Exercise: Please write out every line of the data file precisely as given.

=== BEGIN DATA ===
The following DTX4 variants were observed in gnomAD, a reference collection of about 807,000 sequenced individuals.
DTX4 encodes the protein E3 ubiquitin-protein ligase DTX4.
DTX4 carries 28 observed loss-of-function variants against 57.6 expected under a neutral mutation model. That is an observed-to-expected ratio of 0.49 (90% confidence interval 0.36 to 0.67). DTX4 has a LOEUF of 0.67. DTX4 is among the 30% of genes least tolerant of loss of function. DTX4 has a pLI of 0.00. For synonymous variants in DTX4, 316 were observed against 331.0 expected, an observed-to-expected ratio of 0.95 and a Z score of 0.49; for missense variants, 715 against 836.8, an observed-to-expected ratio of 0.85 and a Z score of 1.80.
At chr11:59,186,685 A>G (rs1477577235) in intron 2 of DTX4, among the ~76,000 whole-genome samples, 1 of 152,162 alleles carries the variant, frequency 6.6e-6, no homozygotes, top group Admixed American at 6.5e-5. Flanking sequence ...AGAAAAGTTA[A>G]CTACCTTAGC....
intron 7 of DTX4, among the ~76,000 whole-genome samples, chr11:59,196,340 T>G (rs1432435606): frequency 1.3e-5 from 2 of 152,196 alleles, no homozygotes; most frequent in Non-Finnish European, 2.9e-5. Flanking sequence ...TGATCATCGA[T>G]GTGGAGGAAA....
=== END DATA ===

The following DTX4 variants were observed in gnomAD, a reference collection of about 807,000 sequenced individuals.
DTX4 encodes the protein E3 ubiquitin-protein ligase DTX4.
DTX4 carries 28 observed loss-of-function variants against 57.6 expected under a neutral mutation model. That is an observed-to-expected ratio of 0.49 (90% confidence interval 0.36 to 0.67). DTX4 has a LOEUF of 0.67. DTX4 is among the 30% of genes least tolerant of loss of function. DTX4 has a pLI of 0.00. For synonymous variants in DTX4, 316 were observed against 331.0 expected, an observed-to-expected ratio of 0.95 and a Z score of 0.49; for missense variants, 715 against 836.8, an observed-to-expected ratio of 0.85 and a Z score of 1.80.
At chr11:59,186,685 A>G (rs1477577235) in intron 2 of DTX4, among the ~76,000 whole-genome samples, 1 of 152,162 alleles carries the variant, frequency 6.6e-6, no homozygotes, top group Admixed American at 6.5e-5. Flanking sequence ...AGAAAAGTTA[A>G]CTACCTTAGC....
intron 7 of DTX4, among the ~76,000 whole-genome samples, chr11:59,196,340 T>G (rs1432435606): frequency 1.3e-5 from 2 of 152,196 alleles, no homozygotes; most frequent in Non-Finnish European, 2.9e-5. Flanking sequence ...TGATCATCGA[T>G]GTGGAGGAAA....